overthinking

Thinking Can Ruin Your Life

If you are reading this you probably think about life more than the “Average Joe” out there. This is a good thing, but you should also be aware that your thinking can potentially hold you back – even to the point of ruining your life. How so? The following are a few ways that have been particularly relevant to my own life.

Matters of the Heart

“You don’t always have to hold your head higher than your heart” – Jack Johnson

When it comes to love, most people have experienced the feeling of receiving different messages from their head and their heart. There is no right answer as to which one you should follow – ultimately it depends on the unique set of circumstances surrounding your situation. You should, however, be aware that sometimes you need to trust in your heart over what your head tells you.

A personal example from my own life is my relationship with my wife. She is Canadian and I am Australian, and we met at a time when a relationship was the last thing on my mind. I had just come out of a long term relationship and I was enjoying the freedom of traveling in a foreign country with no responsibilities. Upon meeting we quickly became very close, but I had to endure my mind telling me, “Don’t get too serious as there is no way this relationship will last”. It is true that we have had more obstacles to overcome than your typical couple, but we trusted in our hearts and have made the relationship work.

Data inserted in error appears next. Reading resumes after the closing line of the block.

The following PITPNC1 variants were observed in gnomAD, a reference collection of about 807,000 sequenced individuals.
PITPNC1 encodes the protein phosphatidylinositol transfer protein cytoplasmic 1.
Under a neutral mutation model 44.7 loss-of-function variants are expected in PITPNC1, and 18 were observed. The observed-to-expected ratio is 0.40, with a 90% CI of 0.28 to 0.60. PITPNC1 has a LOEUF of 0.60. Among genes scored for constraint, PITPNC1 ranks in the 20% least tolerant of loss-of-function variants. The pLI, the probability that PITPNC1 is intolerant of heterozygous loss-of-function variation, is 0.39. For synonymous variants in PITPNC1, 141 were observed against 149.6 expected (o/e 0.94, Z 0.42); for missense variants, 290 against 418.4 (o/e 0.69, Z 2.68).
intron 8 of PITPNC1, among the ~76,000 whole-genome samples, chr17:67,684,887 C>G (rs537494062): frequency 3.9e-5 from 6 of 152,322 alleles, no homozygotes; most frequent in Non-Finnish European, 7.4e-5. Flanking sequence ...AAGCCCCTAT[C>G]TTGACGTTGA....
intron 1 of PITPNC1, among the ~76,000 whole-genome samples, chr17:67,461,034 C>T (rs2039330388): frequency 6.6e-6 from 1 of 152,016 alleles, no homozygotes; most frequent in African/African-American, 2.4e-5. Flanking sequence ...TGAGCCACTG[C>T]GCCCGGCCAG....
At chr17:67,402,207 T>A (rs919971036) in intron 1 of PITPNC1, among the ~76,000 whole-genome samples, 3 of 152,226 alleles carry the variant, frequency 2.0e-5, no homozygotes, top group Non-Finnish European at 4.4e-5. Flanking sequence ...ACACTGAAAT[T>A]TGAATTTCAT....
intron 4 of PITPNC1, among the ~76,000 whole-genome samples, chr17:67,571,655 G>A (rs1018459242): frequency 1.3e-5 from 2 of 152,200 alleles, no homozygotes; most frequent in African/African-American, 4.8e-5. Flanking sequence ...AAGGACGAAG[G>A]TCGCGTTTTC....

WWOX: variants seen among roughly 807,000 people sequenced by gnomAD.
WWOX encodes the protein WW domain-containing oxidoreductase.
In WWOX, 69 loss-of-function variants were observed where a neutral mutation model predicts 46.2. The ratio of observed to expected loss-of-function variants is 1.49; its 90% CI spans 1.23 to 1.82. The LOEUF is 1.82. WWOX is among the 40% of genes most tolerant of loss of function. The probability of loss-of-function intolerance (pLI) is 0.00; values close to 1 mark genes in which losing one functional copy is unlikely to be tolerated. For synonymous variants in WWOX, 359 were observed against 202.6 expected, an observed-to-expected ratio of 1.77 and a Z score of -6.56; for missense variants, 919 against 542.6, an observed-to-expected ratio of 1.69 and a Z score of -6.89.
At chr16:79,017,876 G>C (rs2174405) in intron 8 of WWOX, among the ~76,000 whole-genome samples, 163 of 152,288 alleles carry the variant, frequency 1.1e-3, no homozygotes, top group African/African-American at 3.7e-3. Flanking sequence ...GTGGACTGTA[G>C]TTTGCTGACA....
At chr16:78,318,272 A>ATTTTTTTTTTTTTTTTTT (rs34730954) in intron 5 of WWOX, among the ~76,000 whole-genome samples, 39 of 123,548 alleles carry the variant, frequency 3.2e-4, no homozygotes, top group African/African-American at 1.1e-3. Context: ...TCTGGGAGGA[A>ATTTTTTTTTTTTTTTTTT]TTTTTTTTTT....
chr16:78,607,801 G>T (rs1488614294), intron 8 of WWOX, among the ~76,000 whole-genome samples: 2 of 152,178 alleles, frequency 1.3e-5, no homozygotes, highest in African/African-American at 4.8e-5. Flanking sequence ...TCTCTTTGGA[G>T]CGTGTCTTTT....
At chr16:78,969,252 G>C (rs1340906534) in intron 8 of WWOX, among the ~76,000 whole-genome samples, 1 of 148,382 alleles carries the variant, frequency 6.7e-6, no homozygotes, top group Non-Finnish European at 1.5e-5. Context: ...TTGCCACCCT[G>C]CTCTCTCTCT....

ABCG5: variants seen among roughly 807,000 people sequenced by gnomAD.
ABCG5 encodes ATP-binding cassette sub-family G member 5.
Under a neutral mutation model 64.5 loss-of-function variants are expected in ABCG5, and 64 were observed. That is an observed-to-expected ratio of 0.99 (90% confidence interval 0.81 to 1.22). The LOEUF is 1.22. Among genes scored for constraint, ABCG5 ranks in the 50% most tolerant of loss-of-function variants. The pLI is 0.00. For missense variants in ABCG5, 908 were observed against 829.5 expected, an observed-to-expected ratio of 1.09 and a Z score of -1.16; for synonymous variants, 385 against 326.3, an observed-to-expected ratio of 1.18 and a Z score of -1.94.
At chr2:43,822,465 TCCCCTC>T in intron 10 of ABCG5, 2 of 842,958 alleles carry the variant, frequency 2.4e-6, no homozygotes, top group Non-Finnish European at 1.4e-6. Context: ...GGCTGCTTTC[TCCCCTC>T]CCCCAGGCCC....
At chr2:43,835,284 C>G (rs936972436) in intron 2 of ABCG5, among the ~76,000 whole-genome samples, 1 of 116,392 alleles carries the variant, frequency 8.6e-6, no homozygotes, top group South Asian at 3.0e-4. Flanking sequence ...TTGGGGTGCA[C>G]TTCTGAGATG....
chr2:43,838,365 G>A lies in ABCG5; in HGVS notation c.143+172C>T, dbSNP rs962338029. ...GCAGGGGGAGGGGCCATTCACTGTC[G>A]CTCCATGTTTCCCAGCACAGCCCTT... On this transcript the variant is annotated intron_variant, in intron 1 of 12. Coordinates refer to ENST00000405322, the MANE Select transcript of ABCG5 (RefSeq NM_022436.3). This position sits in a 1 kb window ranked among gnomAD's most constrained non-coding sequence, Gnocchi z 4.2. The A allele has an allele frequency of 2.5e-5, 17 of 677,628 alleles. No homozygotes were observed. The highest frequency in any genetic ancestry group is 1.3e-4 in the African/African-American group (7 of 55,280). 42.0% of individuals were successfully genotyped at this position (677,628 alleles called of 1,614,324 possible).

My point here is that the mind will often focus on reasons why a relationship won’t work rather than why it might. These may be valid reasons, but you should treat them very carefully and not be afraid to follow your heart on occasions.

Analysis Paralysis

“The maxim ‘nothing but perfection’ may be spelled ‘paralysis’.” – Winston Churchill

golf.jpgGolfers will be familiar with the concept “analysis paralysis”. Basically it involves over-thinking the correct way to hit the golf ball, and usually results in a poor shot due to the natural rhythm of the stroke being lost.

Analysis paralysis is not limited to golf. It can appear anywhere in life where action is required. In my younger days I experienced it when I wanted to approach someone of interest, but was unable to because my mind overanalyzed the situation. Uncontrolled thoughts would race through my mind, such as “what will she say?” or “what if she ignores me or says no?”. I never found out the answer to those questions because I didn’t get to ask them. My thoughts had, in effect, paralysed me.

I have also experienced analysis paralysis with university assignments, work projects and, yes, even blogging. Instead of just getting on with what needs to get done, often I will get bogged down with minor details, tweaks, research… anything really that keeps me from the main task at hand.

If you feel analysis paralysis is something you struggle with, you need to work on silencing your mind. The best way I have found to do this is to practice meditation. If you are interested in learning to meditate, I recommend reading one of our most popular articles: 4 Powerful Reasons to Meditate and How To Get Started.

Possessed By Your Mind

“Most people are so completely identified with the voice in the head – the incessant stream of involuntary and compulsive thinking and the emotions that accompany it – that we may describe them as being possessed by their mind.” – Eckhart Tolle